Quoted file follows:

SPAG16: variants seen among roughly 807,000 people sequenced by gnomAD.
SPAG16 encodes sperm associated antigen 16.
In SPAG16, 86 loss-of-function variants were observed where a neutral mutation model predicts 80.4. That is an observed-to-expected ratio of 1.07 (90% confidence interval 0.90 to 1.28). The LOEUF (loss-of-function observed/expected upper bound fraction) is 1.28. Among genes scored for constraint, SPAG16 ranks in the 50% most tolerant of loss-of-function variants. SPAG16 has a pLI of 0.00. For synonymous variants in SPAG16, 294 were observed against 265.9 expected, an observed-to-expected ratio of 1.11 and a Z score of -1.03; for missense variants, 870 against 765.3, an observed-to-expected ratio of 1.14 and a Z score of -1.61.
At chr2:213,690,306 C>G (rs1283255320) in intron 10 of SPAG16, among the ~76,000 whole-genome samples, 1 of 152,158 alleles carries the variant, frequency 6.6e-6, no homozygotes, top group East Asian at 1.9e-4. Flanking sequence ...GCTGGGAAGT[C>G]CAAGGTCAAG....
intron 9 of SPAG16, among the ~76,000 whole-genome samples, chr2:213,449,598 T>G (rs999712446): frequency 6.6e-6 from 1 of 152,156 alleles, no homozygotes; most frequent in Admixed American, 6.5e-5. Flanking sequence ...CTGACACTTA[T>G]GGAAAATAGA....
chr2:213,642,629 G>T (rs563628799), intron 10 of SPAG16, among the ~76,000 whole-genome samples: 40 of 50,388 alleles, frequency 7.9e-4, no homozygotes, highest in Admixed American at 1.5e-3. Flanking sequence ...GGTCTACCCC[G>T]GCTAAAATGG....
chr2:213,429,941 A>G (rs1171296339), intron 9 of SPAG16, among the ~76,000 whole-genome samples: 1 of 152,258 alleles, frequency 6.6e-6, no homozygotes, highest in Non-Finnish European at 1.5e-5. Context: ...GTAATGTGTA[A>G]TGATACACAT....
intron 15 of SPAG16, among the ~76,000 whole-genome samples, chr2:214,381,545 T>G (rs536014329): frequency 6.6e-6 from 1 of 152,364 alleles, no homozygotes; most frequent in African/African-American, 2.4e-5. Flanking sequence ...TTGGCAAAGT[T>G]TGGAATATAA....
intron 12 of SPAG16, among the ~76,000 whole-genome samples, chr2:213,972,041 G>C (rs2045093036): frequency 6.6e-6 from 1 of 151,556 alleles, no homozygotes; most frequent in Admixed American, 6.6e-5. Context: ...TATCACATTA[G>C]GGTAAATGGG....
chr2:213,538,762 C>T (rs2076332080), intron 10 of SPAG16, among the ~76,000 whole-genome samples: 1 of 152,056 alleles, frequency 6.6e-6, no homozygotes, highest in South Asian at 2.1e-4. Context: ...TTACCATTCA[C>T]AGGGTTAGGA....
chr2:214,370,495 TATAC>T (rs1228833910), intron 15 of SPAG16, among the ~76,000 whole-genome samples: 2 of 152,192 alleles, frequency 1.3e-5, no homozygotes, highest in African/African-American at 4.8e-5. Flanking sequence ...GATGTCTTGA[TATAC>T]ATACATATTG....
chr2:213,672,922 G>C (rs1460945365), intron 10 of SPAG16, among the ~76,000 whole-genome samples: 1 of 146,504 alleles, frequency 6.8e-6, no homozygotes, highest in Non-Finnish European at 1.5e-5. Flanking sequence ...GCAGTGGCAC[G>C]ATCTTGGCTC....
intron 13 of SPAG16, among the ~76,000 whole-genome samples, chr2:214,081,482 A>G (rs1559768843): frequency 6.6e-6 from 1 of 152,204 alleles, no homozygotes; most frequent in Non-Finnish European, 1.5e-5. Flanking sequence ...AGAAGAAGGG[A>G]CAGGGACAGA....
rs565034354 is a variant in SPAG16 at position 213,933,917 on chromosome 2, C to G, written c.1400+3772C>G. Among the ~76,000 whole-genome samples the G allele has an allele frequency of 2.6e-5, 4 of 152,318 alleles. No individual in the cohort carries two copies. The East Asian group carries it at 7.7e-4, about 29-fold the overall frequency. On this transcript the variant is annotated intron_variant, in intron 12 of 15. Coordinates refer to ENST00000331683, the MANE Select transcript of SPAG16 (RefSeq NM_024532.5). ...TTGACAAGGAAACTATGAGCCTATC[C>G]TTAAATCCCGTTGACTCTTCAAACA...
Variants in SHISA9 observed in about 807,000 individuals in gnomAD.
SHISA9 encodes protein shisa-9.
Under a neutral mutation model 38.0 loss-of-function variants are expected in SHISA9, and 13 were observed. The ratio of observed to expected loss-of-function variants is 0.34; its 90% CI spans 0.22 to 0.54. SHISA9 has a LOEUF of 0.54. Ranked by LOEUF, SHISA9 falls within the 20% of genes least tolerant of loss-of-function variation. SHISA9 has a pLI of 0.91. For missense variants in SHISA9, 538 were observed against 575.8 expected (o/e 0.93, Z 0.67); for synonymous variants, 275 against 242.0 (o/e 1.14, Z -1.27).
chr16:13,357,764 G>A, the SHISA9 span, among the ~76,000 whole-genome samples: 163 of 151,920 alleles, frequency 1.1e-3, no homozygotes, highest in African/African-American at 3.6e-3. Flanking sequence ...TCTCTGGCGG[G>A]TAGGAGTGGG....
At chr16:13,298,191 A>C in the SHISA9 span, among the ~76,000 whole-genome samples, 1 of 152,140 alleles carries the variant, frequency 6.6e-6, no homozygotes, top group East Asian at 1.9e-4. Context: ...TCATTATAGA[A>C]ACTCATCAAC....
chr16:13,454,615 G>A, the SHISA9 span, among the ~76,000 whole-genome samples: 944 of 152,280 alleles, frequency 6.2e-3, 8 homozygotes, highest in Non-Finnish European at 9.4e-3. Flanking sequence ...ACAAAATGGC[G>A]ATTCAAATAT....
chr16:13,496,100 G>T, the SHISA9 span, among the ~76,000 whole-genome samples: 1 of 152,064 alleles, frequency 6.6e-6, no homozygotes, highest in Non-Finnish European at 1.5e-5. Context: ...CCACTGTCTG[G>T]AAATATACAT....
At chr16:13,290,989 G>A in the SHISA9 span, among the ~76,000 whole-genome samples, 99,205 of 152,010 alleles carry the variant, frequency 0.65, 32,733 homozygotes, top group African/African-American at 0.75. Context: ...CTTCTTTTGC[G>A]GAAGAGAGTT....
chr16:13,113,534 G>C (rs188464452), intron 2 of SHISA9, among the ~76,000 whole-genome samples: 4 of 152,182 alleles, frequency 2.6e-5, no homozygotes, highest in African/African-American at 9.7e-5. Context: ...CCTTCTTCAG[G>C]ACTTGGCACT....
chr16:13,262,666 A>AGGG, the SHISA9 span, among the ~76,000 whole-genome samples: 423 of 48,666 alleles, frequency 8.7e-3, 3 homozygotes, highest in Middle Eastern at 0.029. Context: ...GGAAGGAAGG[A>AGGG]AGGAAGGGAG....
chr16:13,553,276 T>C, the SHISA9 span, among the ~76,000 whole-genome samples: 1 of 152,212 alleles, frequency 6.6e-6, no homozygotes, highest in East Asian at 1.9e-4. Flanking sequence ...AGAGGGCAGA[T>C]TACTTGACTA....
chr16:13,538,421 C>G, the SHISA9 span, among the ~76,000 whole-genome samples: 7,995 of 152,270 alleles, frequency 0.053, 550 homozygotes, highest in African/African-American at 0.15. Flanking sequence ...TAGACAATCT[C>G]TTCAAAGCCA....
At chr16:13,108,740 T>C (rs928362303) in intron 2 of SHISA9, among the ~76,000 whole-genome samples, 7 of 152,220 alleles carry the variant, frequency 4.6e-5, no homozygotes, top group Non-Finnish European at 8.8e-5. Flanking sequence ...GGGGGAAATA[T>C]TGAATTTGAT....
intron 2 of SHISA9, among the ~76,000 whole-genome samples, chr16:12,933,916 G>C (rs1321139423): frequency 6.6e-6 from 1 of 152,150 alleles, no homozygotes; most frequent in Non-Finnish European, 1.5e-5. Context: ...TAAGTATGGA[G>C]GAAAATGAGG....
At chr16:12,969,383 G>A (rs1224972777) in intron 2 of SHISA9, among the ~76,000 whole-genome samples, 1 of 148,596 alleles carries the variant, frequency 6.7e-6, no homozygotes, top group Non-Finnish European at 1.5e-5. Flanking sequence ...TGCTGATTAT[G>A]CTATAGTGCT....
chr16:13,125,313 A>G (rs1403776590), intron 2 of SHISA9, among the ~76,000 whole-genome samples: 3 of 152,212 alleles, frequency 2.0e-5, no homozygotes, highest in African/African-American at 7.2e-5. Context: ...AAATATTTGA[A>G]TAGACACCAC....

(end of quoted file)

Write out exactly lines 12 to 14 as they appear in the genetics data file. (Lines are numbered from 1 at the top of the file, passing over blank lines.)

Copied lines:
chr2:213,672,922 G>C (rs1460945365), intron 10 of SPAG16, among the ~76,000 whole-genome samples: 1 of 146,504 alleles, frequency 6.8e-6, no homozygotes, highest in Non-Finnish European at 1.5e-5. Flanking sequence ...GCAGTGGCAC[G>C]ATCTTGGCTC....
intron 13 of SPAG16, among the ~76,000 whole-genome samples, chr2:214,081,482 A>G (rs1559768843): frequency 6.6e-6 from 1 of 152,204 alleles, no homozygotes; most frequent in Non-Finnish European, 1.5e-5. Flanking sequence ...AGAAGAAGGG[A>G]CAGGGACAGA....
rs565034354 is a variant in SPAG16 at position 213,933,917 on chromosome 2, C to G, written c.1400+3772C>G. Among the ~76,000 whole-genome samples the G allele has an allele frequency of 2.6e-5, 4 of 152,318 alleles. No individual in the cohort carries two copies. The East Asian group carries it at 7.7e-4, about 29-fold the overall frequency. On this transcript the variant is annotated intron_variant, in intron 12 of 15. Coordinates refer to ENST00000331683, the MANE Select transcript of SPAG16 (RefSeq NM_024532.5). ...TTGACAAGGAAACTATGAGCCTATC[C>G]TTAAATCCCGTTGACTCTTCAAACA...